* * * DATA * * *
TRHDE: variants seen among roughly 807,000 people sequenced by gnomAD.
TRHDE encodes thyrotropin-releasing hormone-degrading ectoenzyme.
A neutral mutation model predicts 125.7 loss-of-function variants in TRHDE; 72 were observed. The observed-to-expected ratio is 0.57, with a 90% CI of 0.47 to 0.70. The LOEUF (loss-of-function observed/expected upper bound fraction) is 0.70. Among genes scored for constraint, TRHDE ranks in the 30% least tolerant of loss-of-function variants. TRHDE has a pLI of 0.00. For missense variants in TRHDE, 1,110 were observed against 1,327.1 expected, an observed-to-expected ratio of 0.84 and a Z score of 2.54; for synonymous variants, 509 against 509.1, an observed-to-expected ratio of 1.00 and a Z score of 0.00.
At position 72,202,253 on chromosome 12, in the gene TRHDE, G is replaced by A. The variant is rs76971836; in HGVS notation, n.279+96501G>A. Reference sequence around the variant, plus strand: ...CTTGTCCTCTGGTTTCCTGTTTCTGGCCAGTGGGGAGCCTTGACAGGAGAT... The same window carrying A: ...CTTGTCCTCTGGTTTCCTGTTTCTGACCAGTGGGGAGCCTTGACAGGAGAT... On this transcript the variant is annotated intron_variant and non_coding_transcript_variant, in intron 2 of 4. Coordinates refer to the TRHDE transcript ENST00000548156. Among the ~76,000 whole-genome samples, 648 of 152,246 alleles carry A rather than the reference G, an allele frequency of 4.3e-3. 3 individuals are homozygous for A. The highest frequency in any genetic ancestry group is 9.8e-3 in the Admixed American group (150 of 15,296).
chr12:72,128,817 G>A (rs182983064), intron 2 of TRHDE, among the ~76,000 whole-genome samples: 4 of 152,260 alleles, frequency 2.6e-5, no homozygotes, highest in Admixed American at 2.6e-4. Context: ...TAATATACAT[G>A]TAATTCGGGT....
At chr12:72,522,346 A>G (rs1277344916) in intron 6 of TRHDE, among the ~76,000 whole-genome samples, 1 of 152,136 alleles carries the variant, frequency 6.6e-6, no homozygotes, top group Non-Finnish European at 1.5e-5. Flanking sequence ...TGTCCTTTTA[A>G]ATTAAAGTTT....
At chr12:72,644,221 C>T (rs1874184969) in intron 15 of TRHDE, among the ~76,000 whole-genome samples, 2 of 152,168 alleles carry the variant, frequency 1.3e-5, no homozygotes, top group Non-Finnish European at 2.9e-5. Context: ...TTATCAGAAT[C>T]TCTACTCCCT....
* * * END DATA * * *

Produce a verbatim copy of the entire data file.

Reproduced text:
TRHDE: variants seen among roughly 807,000 people sequenced by gnomAD.
TRHDE encodes thyrotropin-releasing hormone-degrading ectoenzyme.
A neutral mutation model predicts 125.7 loss-of-function variants in TRHDE; 72 were observed. The observed-to-expected ratio is 0.57, with a 90% CI of 0.47 to 0.70. The LOEUF (loss-of-function observed/expected upper bound fraction) is 0.70. Among genes scored for constraint, TRHDE ranks in the 30% least tolerant of loss-of-function variants. TRHDE has a pLI of 0.00. For missense variants in TRHDE, 1,110 were observed against 1,327.1 expected, an observed-to-expected ratio of 0.84 and a Z score of 2.54; for synonymous variants, 509 against 509.1, an observed-to-expected ratio of 1.00 and a Z score of 0.00.
At position 72,202,253 on chromosome 12, in the gene TRHDE, G is replaced by A. The variant is rs76971836; in HGVS notation, n.279+96501G>A. Reference sequence around the variant, plus strand: ...CTTGTCCTCTGGTTTCCTGTTTCTGGCCAGTGGGGAGCCTTGACAGGAGAT... The same window carrying A: ...CTTGTCCTCTGGTTTCCTGTTTCTGACCAGTGGGGAGCCTTGACAGGAGAT... On this transcript the variant is annotated intron_variant and non_coding_transcript_variant, in intron 2 of 4. Coordinates refer to the TRHDE transcript ENST00000548156. Among the ~76,000 whole-genome samples, 648 of 152,246 alleles carry A rather than the reference G, an allele frequency of 4.3e-3. 3 individuals are homozygous for A. The highest frequency in any genetic ancestry group is 9.8e-3 in the Admixed American group (150 of 15,296).
chr12:72,128,817 G>A (rs182983064), intron 2 of TRHDE, among the ~76,000 whole-genome samples: 4 of 152,260 alleles, frequency 2.6e-5, no homozygotes, highest in Admixed American at 2.6e-4. Context: ...TAATATACAT[G>A]TAATTCGGGT....
At chr12:72,522,346 A>G (rs1277344916) in intron 6 of TRHDE, among the ~76,000 whole-genome samples, 1 of 152,136 alleles carries the variant, frequency 6.6e-6, no homozygotes, top group Non-Finnish European at 1.5e-5. Flanking sequence ...TGTCCTTTTA[A>G]ATTAAAGTTT....
At chr12:72,644,221 C>T (rs1874184969) in intron 15 of TRHDE, among the ~76,000 whole-genome samples, 2 of 152,168 alleles carry the variant, frequency 1.3e-5, no homozygotes, top group Non-Finnish European at 2.9e-5. Context: ...TTATCAGAAT[C>T]TCTACTCCCT....